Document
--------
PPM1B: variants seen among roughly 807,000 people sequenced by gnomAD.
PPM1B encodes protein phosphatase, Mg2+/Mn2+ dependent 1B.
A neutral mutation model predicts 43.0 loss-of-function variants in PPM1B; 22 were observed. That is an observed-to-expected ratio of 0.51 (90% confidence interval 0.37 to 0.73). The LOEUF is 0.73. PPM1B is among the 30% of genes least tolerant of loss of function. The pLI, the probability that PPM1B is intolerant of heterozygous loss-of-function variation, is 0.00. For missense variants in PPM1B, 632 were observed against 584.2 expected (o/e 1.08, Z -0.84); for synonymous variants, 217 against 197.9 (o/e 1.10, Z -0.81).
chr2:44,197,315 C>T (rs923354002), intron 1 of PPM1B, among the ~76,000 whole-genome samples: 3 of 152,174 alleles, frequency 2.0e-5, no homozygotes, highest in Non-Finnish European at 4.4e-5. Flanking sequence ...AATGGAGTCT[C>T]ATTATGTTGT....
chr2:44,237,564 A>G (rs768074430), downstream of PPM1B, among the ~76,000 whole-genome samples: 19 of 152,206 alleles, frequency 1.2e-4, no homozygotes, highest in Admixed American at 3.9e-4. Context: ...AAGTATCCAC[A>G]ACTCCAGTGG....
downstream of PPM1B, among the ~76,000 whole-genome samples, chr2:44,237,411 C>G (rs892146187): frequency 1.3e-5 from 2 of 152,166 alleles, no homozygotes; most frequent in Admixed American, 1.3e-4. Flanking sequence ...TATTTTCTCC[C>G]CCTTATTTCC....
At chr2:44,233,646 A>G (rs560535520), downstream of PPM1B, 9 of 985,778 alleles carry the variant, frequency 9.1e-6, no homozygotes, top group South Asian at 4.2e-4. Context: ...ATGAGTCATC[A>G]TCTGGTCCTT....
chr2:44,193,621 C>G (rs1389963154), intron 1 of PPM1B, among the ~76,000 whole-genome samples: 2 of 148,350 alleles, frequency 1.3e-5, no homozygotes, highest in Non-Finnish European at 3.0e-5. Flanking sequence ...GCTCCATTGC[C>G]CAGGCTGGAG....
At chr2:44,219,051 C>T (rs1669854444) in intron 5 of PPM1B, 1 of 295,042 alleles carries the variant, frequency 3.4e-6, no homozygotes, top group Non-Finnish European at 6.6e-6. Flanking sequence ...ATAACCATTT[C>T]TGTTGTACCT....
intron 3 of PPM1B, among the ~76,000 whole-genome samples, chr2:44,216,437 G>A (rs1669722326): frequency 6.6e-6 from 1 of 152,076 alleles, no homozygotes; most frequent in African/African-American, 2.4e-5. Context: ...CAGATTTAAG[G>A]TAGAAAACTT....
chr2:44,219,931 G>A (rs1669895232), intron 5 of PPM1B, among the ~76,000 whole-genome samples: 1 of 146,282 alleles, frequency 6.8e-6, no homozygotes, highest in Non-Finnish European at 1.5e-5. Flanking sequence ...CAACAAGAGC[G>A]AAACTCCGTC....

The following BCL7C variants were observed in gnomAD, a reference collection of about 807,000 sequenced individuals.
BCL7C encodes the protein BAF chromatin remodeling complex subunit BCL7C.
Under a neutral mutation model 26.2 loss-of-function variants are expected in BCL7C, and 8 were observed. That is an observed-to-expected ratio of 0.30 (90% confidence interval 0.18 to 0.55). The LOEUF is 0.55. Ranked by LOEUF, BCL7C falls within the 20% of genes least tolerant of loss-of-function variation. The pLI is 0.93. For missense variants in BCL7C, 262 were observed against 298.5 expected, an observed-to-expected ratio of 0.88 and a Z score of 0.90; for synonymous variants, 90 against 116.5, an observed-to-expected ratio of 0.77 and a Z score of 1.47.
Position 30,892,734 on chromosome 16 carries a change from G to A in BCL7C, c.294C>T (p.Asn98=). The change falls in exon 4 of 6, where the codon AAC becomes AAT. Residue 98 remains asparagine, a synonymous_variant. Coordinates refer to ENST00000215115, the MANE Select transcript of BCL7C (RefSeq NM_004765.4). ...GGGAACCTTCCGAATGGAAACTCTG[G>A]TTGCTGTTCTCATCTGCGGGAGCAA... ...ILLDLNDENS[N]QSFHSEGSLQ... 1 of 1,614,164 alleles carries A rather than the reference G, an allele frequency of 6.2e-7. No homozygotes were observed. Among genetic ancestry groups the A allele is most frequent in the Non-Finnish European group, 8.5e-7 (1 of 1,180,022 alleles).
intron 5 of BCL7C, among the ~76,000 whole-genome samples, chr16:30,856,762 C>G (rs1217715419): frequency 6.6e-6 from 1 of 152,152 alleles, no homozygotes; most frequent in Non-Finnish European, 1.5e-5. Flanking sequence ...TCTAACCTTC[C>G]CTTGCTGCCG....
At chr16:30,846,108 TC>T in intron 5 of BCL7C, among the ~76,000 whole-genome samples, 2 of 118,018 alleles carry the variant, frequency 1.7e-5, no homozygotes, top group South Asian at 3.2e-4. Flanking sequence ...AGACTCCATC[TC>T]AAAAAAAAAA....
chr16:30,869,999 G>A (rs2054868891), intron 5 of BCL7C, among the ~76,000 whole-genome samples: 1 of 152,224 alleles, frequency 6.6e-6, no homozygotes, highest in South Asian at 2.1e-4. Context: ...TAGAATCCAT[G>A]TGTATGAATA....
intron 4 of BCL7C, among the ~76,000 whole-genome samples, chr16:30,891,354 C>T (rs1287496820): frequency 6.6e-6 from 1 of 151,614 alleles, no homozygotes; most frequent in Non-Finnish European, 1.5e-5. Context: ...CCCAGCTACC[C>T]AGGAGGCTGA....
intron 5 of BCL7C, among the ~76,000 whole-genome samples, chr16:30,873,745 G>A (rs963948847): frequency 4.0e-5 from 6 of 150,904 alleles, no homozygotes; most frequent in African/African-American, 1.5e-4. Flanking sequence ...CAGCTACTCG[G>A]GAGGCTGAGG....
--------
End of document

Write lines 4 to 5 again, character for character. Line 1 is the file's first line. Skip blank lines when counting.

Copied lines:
chr2:44,197,315 C>T (rs923354002), intron 1 of PPM1B, among the ~76,000 whole-genome samples: 3 of 152,174 alleles, frequency 2.0e-5, no homozygotes, highest in Non-Finnish European at 4.4e-5. Flanking sequence ...AATGGAGTCT[C>T]ATTATGTTGT....
chr2:44,237,564 A>G (rs768074430), downstream of PPM1B, among the ~76,000 whole-genome samples: 19 of 152,206 alleles, frequency 1.2e-4, no homozygotes, highest in Admixed American at 3.9e-4. Context: ...AAGTATCCAC[A>G]ACTCCAGTGG....